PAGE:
Jul 29, 2011

Can lefthanded threads be made on the SIEG C4?

My answer is yes.
The reasons to deal with this question here are:
1. Not explicitly mentioned in the manual.
2. I have read in reviews that the spindle and leadscrew relative rotation directions would be fixed.

Although there is no lever to change, but with proper placement of the change gears the leadscrew rotation can be changed relative to the main spindle.

Normal arrangement
Reverse arrangement for left threads


  1. Useful; thanks! Nice to see what a little thinking can do!

    By the way, thanks for the nice review on setting up your lathe. It was good to have confirmation of the cleaning issues Jaakko had mentioned and it was good to see your comments about little fixes you must do like the cross-slide screws, rounding the gib screws, etc. I am looking for a lathe and mill now and it is good to see real data from an actual SC4 user rather than just the many "expert opinions" out there. I am spending a lot of time deciding between a new SC4 or a used Atlas or South Bend (which will have their own problems).

    Now that a year has passed, are you still basically happy with the lathe? (I hope so.) It would be interesting to hear if the things you had to fix corrected the problems permanently. If so, then as you said, the time spent fixing those little flaws is an acceptable cost for getting a lot of good qualities like .005 runout for a very low price.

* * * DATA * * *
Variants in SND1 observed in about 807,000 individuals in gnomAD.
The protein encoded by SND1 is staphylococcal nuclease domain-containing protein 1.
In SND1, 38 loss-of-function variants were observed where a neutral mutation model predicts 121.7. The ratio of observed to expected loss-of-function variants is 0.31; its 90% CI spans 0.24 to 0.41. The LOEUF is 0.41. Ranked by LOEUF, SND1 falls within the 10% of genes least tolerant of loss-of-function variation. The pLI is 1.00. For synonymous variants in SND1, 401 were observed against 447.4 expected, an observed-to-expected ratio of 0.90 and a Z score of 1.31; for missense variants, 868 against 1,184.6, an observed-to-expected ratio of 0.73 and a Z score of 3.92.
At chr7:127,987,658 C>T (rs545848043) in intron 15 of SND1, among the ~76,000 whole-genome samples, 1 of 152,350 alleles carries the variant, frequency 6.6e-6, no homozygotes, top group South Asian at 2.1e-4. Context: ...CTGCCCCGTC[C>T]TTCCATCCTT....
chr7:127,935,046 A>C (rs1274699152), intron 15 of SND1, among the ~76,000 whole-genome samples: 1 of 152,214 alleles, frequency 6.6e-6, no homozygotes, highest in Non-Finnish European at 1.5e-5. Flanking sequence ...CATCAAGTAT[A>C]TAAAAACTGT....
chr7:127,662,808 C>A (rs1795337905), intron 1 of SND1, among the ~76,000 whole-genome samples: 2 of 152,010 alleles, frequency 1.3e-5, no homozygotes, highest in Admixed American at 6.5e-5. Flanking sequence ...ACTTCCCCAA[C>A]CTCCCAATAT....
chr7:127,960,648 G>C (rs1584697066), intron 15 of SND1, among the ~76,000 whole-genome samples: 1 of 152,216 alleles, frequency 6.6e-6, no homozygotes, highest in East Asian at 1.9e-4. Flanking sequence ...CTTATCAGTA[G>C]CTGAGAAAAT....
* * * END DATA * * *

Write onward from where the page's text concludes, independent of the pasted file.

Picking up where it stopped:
Or is it an ongoing battle, so that you still lose time to keeping the lathe running accurately (but maybe still an acceptable amount)? Is the runout still that low or did they have some way to make it look good when you first buy it but that doesn't last.

    Anyway, hope your shop is going great. Thanks and goodbye from California.
    Happy trails!

    Ed Williams

    1. Ed,
      I'm awfully sorry for the delay, I did not notice your comment earlier.

      I do not heavily use the machine at all, and I still think that for eight-hours-a-day-use anyone would rather choose any of the more expensive professional machines available on the market. So after more than a year I can say that I am entirely happy with the machine. This lathe is precise enough to make the work enjoyable, resulting nice and usable end products for your household, hobbies, friends etc.

      The runout of the machine is exactly the same as it was out of the box.The cross slide is pretty stable, did not yet needed to be readjusted. Other than regular cleaning and lubricating of the lathe only the compound slide gib screws needed to be readjusted from time to time. As I do rarely effectively use the compound slide itself, I usually set it a bit tighter to reach better toolpost stability. I have changed the gib adjusting screws to hex headed ones of 8.8 strength grade for easier adjustment. I tried to form the tip of the screws to fit in the hollows on the gib and have as big contacting surface as possible.

      If I chose now, I would choose the same lathe.

      Again, sorry about the late reply: